Very informative post that spells hard work and deep research.It is easier to discuss popular names but very difficult to discuss obscure ones .Accept my congratulations. In my radio era,name of Lachhiram was associated only with songs of Main Suhagan Hoon and Razia Sultana.His other movies and songs discussed above are absolutely new to me and had never been heard by me before. I will appreciate if a similar post is there on music director Ajit Merchant also.

23 Canasya April 3, 2014 at 2:45 pm

Thanks AKji. These posts make the title Songs of Yore so apt.

According to Pankaj Raag (Dhunon ki Yatra) ill health (TB) played havoc with Lachhiram’s career. He delivered his most memorable tunes after having lost one lung. Here are couple of more songs from Arsi:

https://www.youtube.com/watch?v=WknvPKqi2Dk

https://www.youtube.com/watch?v=Zer1aCwkQDo

24 mumbaikar8 April 3, 2014 at 5:45 pm
25 AK April 3, 2014 at 7:00 pm

Rakesh Srivastava,
Thanks a lot for your generous words. In the radio era, I too was aware of his songs of only Main Suhagan Hun and Razia Sultana. Other songs in the post I became aware in the internet era, or while researching for this post. Yet, I would have never imagined that he had composed songs pre-50 for singers like Zeenat Begum.

I would keep Ajit Merchant in mind.

Canasya,
Thanks a lot for the two songs of Zeenat Begum. These are really songs of yore.

Mumbaikar8,
Thanks for adding these songs from Ameer. Asha Bhosle is really very good in these songs. Arunji has mentioned that Lata Mangeshkar sung only one song for Lachiram, which I have included.

26 Subodh Agrawal April 5, 2014 at 12:53 pm

My favourite from this list – it also figured in my guest post on Des – is ‘Gori tore nain’. The other songs are also good and most of them new discoveries for me. The 1954 version of ‘Sarfaroshi ki tamanna’ is fine, but I think the 1965 version by Prem Dhawan captures the mood better.

Thanks for this post and for additions to my collection.

27 arvindersharma April 5, 2014 at 11:54 pm

Dear AK Ji,
I am curious about one thing. The song (no13) ‘Kisi ka dard leke’ , sung by Ira Nigam is making me remember something. Is this lady the same one who later married Roshan and became Ira Roshan ? I have also heard that upon Roshan’s untimely death, she was the one who completed the song ‘Mahlon ka raja mila’.

28 Arunkumar Deshmukh April 6, 2014 at 8:52 am

Arvind Sharma ji,

IRA NIGAM AND MRS. IRA ROSHAN NAGRATH are two different persons. This is a case of ” Same Name Confusions”.
To know about Ira Nigam the singer, please read the following article on her–http://atulsongaday.me/2012/10/09/koi-kyaa-jaane/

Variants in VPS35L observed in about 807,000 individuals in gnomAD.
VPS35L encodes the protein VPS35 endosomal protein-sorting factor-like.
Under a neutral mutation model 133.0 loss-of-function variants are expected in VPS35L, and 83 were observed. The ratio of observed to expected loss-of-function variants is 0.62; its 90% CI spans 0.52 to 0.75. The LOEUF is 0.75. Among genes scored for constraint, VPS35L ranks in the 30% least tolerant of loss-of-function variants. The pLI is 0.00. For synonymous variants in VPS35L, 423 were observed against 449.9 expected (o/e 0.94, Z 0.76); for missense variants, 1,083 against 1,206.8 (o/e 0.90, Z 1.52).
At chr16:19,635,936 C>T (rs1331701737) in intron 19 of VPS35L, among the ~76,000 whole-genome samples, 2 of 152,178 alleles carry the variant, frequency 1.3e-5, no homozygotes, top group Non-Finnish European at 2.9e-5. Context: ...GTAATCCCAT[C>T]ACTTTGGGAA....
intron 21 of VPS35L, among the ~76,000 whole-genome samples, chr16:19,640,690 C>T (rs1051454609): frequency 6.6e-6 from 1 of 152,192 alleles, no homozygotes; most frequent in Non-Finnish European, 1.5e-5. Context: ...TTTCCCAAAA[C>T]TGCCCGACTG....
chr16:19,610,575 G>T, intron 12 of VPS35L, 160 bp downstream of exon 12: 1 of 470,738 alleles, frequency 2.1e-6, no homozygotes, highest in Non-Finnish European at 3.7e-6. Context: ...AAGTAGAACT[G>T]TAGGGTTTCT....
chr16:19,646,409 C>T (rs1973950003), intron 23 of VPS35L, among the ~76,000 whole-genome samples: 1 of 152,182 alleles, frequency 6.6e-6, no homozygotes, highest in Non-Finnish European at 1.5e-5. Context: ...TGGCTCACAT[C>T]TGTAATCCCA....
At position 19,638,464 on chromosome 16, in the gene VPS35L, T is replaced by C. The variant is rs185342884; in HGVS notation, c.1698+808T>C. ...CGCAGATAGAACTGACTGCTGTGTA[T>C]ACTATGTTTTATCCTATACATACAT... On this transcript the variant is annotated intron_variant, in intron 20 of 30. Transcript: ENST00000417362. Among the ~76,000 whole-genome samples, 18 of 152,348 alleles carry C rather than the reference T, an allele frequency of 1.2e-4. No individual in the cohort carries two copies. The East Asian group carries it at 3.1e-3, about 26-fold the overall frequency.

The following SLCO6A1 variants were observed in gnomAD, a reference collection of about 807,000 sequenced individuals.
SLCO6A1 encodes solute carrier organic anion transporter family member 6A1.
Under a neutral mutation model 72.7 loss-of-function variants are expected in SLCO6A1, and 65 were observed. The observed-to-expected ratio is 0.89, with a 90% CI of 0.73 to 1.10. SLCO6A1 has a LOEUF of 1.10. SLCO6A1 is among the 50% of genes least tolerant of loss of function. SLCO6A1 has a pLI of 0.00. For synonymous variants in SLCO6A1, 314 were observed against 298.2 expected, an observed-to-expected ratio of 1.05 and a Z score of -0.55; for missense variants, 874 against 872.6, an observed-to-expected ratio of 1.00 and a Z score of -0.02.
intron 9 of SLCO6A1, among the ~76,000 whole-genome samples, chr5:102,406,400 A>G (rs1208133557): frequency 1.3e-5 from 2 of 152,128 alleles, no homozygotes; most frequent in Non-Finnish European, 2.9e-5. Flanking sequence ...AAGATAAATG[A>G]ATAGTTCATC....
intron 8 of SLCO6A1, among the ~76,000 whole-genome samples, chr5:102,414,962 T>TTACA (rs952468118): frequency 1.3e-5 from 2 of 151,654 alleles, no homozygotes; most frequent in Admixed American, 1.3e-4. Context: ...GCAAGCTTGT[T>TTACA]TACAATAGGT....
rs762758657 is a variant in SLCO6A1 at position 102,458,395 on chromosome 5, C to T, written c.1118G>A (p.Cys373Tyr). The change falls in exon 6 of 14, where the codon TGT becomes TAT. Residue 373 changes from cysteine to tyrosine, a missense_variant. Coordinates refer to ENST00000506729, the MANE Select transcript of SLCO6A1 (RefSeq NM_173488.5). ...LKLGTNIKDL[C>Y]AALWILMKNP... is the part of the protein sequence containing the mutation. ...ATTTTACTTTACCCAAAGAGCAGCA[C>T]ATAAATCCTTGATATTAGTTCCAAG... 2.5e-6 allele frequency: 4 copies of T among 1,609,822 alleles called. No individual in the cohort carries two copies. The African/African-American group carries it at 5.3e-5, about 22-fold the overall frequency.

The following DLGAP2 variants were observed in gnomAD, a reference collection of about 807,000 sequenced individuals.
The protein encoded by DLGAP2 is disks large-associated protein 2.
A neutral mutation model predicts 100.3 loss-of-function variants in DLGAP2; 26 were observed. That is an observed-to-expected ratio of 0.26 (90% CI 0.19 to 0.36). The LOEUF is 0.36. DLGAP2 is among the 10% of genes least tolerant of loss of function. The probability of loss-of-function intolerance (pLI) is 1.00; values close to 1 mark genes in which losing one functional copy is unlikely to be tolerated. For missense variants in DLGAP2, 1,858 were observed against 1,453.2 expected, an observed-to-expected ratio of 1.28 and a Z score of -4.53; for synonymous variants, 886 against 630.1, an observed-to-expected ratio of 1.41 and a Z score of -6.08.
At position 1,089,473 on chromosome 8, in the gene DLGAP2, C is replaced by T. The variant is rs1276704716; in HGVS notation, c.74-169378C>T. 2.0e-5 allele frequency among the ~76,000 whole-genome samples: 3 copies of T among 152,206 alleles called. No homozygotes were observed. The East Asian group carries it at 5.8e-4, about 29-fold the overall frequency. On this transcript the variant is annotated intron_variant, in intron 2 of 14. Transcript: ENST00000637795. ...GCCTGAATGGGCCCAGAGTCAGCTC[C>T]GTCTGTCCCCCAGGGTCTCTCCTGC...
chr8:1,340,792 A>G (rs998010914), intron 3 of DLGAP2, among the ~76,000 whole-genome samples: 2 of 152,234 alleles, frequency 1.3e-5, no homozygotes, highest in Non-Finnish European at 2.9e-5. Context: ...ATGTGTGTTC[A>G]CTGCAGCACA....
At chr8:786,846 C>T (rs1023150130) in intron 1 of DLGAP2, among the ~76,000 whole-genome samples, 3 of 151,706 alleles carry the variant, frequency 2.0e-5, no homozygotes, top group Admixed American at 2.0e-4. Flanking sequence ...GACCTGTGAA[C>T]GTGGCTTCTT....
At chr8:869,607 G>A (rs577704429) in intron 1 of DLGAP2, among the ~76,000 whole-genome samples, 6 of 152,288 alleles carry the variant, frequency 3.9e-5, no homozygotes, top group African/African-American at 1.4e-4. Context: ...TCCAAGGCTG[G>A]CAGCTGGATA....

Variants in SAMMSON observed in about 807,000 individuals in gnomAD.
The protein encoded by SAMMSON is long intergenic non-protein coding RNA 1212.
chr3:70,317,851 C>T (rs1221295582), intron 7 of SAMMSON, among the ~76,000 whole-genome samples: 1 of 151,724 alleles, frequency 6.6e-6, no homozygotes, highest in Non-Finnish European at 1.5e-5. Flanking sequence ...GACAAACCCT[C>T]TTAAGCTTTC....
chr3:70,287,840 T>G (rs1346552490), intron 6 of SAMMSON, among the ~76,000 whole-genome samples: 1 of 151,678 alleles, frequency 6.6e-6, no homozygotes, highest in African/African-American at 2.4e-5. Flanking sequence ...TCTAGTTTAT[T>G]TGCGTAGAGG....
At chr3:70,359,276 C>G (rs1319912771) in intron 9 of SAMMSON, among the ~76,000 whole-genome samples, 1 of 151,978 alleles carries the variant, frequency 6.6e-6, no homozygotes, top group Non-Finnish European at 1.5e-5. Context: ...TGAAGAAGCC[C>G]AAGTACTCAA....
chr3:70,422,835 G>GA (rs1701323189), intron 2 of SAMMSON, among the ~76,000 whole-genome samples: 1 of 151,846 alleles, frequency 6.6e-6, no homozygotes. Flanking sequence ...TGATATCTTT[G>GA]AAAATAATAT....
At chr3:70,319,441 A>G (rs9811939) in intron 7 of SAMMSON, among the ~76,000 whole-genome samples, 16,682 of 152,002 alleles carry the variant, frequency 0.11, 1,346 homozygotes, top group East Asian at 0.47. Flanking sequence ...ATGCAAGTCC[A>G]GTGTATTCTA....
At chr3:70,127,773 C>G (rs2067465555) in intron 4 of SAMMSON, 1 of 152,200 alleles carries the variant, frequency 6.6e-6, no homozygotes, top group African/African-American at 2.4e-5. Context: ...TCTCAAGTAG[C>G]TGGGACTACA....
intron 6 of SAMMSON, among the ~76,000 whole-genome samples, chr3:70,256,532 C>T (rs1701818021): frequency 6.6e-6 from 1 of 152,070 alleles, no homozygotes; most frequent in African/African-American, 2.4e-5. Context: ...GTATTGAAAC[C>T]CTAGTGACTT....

Ira Moitra who was a music student in Delhi and who was being tutored by Roshan Nagrath-who was working in Delhi AIR initially and later helped Khursheed Anwar ji also as assistant, fell in love and they got married. Thus Ira Moitra became Ira Roshan Nagrath.
It is true that she helped others to complete the recording of balance songs,after the sudden demise of her husband,in a Party.
I hope this answers your query.
-Arunkumar Deshmukh

29 arvindersharma April 6, 2014 at 8:58 am

Thanks AK Ji.
My misunderstanding is cleared.

30 Arunkumar Deshmukh April 6, 2014 at 10:24 am

Sharma ji,

I am not AK ji.
I am different. ( same initial confusion ? )
-AD

31 arvindersharma April 6, 2014 at 10:37 am

I am sorry. Will take care next time.

32 bollyviewer April 18, 2014 at 4:47 pm

In common with most people here, I was familiar only with the Razia Sultana and Main Suhagan Hoon songs, and I was not aware of Lachhiram either. These old songs make me nostalgic for Vividh Bharti of yore, when Bhoole Bisre Geet meant songs from 40s and 50s, not 70s and 80s! I’m looking forward to listening to all the songs in the post and comments, and finding more about other forgotten composers.

33 AK April 18, 2014 at 5:13 pm

Bollyviewer,
Welcome to Songs of Yore, and wish you happy browsing.

34 Asmat Nawaz July 16, 2014 at 11:09 am

May I point to two main missing songs in the above list.It is surprising coincidence that both misssing songs figure Talat Mahmood which AK claims to be his favorite singer.
One song is from film ” Mein Suhagan Hun” sung by Talat Mahmood which is “Ye kis manzil pe le aai””.
The song is one of the greatest songs rendered by Talat during fag end of his career.
The other missing song is a duet,again by Talat Mahmood with Shamshad Begum from the film “Madhubala” which is “Jawani ke zamane mein jo dil na lagai ga.”

35 Arunkumar Deshmukh July 16, 2014 at 7:37 pm

AK ji,
Here is that melodious song from Madhubala-1950-

https://www.youtube.com/watch?v=vaUVLZN2Eu0

-AD

36 Arunkumar Deshmukh July 16, 2014 at 7:40 pm

AK ji,

Here is Main suhagan hoon-1964 song-

https://www.youtube.com/watch?v=cJuSrEhgxyU

-AD

37 AK July 18, 2014 at 6:48 pm

Asmat Nawaz,
Thanks a lot for mentioning the two songs. in my main post I generally put in only 10 songs. In this case I exceeded by 3 more. Readers add other songs in the comments section.

Arunji,
Thanks a lot for giving YT link of the two songs. I found Jawani ke zamaane mein quite unique. Even after hearing it carefully, it seems to me Surendra’s voice. Other three male solos in the movie are sung by him. Is it possible HFGK, and, consequently YT, might have erred?

38 Arunkumar Deshmukh July 19, 2014 at 10:59 am

AK ji,

1. In film ‘Madhubala’-1950,there is no Surendra. G.M.Durrani sang
3 songs.
2. It is certainly not Durrani’s voice. It is Talat’s voice.
3. In the site http://www.talatmehmood.net, the list of his songs includes this song.

-AD

39 AK July 19, 2014 at 7:06 pm

Arunji,
I meant GM Durrani. With your clarification, we have to accept that.